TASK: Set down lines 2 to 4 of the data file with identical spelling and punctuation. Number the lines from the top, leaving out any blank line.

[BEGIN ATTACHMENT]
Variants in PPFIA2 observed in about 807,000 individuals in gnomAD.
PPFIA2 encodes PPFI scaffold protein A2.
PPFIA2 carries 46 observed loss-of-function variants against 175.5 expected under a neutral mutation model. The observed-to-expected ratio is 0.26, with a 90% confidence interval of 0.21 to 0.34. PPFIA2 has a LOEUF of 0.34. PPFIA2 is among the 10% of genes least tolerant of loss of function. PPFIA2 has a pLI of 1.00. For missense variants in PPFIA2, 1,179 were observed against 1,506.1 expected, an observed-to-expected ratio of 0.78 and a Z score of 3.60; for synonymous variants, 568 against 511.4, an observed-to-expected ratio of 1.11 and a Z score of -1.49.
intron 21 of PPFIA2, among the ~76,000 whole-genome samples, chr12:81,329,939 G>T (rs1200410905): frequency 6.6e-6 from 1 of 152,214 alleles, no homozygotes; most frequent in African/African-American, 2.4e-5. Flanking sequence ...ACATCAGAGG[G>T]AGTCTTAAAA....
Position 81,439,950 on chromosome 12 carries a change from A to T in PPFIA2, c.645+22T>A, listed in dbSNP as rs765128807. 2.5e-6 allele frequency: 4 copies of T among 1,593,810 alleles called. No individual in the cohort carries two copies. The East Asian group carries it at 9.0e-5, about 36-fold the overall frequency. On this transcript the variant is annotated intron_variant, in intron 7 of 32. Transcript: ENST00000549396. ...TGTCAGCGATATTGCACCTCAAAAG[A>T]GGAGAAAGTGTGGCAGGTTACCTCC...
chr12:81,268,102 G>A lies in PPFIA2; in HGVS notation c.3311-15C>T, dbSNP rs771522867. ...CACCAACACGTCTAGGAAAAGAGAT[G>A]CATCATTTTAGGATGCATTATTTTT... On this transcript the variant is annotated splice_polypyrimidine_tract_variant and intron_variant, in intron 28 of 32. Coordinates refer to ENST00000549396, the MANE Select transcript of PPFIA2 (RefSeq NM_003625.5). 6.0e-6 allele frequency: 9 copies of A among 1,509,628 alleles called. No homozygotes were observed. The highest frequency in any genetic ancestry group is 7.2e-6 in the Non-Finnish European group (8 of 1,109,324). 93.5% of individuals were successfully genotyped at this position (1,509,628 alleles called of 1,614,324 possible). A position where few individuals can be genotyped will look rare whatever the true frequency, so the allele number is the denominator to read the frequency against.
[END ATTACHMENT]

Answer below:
PPFIA2 encodes PPFI scaffold protein A2.
PPFIA2 carries 46 observed loss-of-function variants against 175.5 expected under a neutral mutation model. The observed-to-expected ratio is 0.26, with a 90% confidence interval of 0.21 to 0.34. PPFIA2 has a LOEUF of 0.34. PPFIA2 is among the 10% of genes least tolerant of loss of function. PPFIA2 has a pLI of 1.00. For missense variants in PPFIA2, 1,179 were observed against 1,506.1 expected, an observed-to-expected ratio of 0.78 and a Z score of 3.60; for synonymous variants, 568 against 511.4, an observed-to-expected ratio of 1.11 and a Z score of -1.49.
intron 21 of PPFIA2, among the ~76,000 whole-genome samples, chr12:81,329,939 G>T (rs1200410905): frequency 6.6e-6 from 1 of 152,214 alleles, no homozygotes; most frequent in African/African-American, 2.4e-5. Flanking sequence ...ACATCAGAGG[G>T]AGTCTTAAAA....